Section Three: Trends in the Nursing Home and Rehab Industry in 2012
The dismal economic state of the country is going to have the biggest impact on trends in the rehab and nursing home industry in 2012. Unlike many previous years, when exciting advances and unique features were being unveiled at nursing homes and assisted living facilities around the country, many facilities will be slashing services and tightening their belts in other ways.
Memory Care and Alzheimer’s Units – The one area that is expected to flourish in 2012 is memory care and Alzheimer’s care. Growing demand for specialized service for these conditions is prompting many nursing homes and assisted living facilities to add these types of units. Nursing home positions for professionals who have experience with these types of conditions will be readily available. Those who would like to find jobs in nursing homes should consider getting specialized training and education about memory care to be as prepared as possible.
More Crowded Conditions – Unhappily, many nursing homes around the country will be filled to capacity. The main issue here is that it will be more difficult for new facilities to be opened due to the lackluster economy. Finding a facility that is not extremely crowded may be difficult in some areas.
Slashed Services – To make up for issues with Medicare coverage and payments, many facilities will be slashing services. This may include wage cuts and frozen wages for employees as well. The most affordable nursing homes are the ones that will generally fall into this category. Seniors with limited financial means will have to choose facilities that simply don’t offer the broad array of services that they once did.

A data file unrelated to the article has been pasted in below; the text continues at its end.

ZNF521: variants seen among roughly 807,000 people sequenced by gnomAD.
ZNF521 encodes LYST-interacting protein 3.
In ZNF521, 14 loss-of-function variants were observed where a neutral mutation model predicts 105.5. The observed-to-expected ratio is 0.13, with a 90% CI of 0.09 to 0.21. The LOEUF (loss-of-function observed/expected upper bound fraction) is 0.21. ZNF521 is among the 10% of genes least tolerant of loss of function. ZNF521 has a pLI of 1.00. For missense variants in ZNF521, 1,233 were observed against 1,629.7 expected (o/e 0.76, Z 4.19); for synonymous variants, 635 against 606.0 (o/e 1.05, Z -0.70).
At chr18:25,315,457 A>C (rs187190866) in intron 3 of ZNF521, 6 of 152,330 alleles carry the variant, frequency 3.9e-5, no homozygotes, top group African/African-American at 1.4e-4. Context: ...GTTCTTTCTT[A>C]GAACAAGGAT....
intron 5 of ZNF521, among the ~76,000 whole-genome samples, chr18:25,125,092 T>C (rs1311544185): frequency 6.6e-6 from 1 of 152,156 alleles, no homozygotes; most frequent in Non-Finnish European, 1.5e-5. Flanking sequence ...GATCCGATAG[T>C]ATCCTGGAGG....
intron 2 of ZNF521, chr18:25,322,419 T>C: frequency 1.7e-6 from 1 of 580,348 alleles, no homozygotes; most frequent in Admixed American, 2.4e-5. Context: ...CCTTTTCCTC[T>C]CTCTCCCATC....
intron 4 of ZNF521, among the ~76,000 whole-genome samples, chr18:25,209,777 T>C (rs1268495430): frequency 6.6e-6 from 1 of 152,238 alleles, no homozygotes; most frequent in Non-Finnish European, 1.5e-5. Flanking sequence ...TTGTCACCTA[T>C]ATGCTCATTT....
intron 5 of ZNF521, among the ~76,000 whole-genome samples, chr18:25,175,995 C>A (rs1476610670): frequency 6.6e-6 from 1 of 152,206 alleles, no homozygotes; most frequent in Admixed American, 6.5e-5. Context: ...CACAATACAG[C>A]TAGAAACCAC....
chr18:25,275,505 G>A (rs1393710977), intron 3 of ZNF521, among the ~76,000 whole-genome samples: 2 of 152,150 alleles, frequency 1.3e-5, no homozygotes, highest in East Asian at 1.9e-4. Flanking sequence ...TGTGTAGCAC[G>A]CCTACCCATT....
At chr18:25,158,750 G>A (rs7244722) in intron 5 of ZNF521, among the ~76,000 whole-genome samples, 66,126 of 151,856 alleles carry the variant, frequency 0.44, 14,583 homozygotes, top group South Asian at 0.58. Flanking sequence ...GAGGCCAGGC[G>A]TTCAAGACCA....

Foreclosures Continue to Keep Beds Filled – Finally, ongoing foreclosures will prompt many people to enter nursing homes much earlier than usual. This will add to the overcrowding and to the ongoing demand for care jobs as well.
Although 2012 isn’t going to be a phenomenal year for the nursing home and rehab industry, there is no doubt that the industry will get through it in one piece. At this point, there’s no place to go but up. The results of the upcoming presidential election could play a very big role in the future of the industry as well. With the right people in Congress, there’s hope that positive changes to the Medicare system will be enacted.
Hospice Industry Outlook – 2012 Report
April 10, 2012 in Hospice by NSLPN Admin
2012 is already poised to be one of the most active years for hospice care yet. As a result, people who are looking for care jobs should definitely put the hospice industry at the tops of their lists. Hospice care is often provided in patients’ homes, so people who are looking for in home care jobs should be able to find work within the industry. More nursing homes are offering hospice care than ever in 2012, so people who want jobs in nursing care should considering specializing in hospice care. Learn more about emerging trends in the hospice industry by reading the following information.
Section One: Job Outlook for the Hospice Industry in 2012